October 6, 2010

Endangered Strangers: Northern Abalone

Do you think I'm pretty?


No? 
Then why you keep wearing me as jewelry?


I is not wacky pendant.  
I is an animal, just like you. 
I am the Northern abalone. 
And you...
you totally bought that necklace at an art fair, didn't you?

One of the most primitive groups of molluscs on the planet, abalone have remained relatively unchanged for about 500 million years.  Northern abalone are found along the Pacific coast of America from Sitka Island, Alaska, in the north, to Turtle Bay, Baja California in the south. They feed on red algae when they are free roaming infants and settle into the brown algae and a sedentary life as adults.  I'm sure we can all relate to that. Abalone use their rough tongue-like radulas to scrape algae off of rocks. They also catch phytoplankton as it drifts by. Yum!

For hundreds of years abalone were harvested for their meat and decorative shells with a limited impact on their population.  Then... horror movie music played, masked scuba divers swarmed the abalones secret hideouts, reaching out their creepy rubber-gloved hands,  devastating the abalone's numbers and leaving their children homeless and motherless and wait, what happened? The invention of scuba diving! Scuba diving led to the over-harvesting of abalone, whose previously unreachable, remote hang outs kept them safe from human's insatiable greed.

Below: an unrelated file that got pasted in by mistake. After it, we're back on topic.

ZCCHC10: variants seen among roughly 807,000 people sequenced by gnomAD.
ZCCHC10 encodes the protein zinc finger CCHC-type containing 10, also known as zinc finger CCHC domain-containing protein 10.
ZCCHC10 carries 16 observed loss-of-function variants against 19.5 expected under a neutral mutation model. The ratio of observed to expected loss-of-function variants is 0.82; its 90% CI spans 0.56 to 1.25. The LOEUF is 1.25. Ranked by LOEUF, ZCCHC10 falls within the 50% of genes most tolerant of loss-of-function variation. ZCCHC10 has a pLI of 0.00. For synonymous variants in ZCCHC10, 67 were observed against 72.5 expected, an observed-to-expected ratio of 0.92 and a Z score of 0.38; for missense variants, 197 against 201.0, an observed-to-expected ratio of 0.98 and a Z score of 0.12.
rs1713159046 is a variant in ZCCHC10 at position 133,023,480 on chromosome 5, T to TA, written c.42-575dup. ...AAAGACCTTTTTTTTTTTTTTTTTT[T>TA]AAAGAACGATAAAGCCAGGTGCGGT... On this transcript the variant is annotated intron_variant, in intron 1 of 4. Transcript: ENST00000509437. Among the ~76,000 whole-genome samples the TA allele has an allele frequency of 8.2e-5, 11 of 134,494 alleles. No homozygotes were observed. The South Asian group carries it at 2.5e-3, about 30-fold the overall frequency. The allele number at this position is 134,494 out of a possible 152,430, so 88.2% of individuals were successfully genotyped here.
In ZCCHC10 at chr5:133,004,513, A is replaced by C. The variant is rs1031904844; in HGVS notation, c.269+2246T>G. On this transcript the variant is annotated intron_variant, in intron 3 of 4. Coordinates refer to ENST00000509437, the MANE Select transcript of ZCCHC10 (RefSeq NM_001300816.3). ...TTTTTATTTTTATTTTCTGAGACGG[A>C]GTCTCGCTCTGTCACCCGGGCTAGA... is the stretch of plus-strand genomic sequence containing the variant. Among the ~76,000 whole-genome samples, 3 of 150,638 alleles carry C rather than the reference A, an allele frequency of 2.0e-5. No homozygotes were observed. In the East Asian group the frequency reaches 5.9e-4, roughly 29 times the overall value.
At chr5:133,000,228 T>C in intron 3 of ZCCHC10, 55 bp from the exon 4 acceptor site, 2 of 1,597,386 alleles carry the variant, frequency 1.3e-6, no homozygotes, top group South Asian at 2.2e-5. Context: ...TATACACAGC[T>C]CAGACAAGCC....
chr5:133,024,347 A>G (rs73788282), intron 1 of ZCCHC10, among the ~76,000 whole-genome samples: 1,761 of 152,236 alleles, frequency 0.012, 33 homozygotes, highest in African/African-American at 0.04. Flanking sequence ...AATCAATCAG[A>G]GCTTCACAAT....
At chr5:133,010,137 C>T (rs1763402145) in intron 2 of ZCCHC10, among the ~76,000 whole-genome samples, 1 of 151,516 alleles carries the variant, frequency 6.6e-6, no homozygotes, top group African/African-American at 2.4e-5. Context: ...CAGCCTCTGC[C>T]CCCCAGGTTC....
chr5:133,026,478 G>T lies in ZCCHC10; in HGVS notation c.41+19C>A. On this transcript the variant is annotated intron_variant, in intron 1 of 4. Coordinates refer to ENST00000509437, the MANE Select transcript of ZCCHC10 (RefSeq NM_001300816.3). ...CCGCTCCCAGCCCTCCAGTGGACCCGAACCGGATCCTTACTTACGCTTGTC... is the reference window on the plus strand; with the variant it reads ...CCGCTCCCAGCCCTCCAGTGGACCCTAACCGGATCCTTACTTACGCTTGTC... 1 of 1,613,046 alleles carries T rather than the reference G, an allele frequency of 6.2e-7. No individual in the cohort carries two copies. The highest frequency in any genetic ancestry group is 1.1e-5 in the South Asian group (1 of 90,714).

Today there is a total ban on harvesting Northern abalone in British Columbia and partial bans exist elsewhere.  Poaching is a continued threat. A National Recovery Strategy and National Recovery Action Plan for the species have been created in Canada, a superior country where I would like to live.

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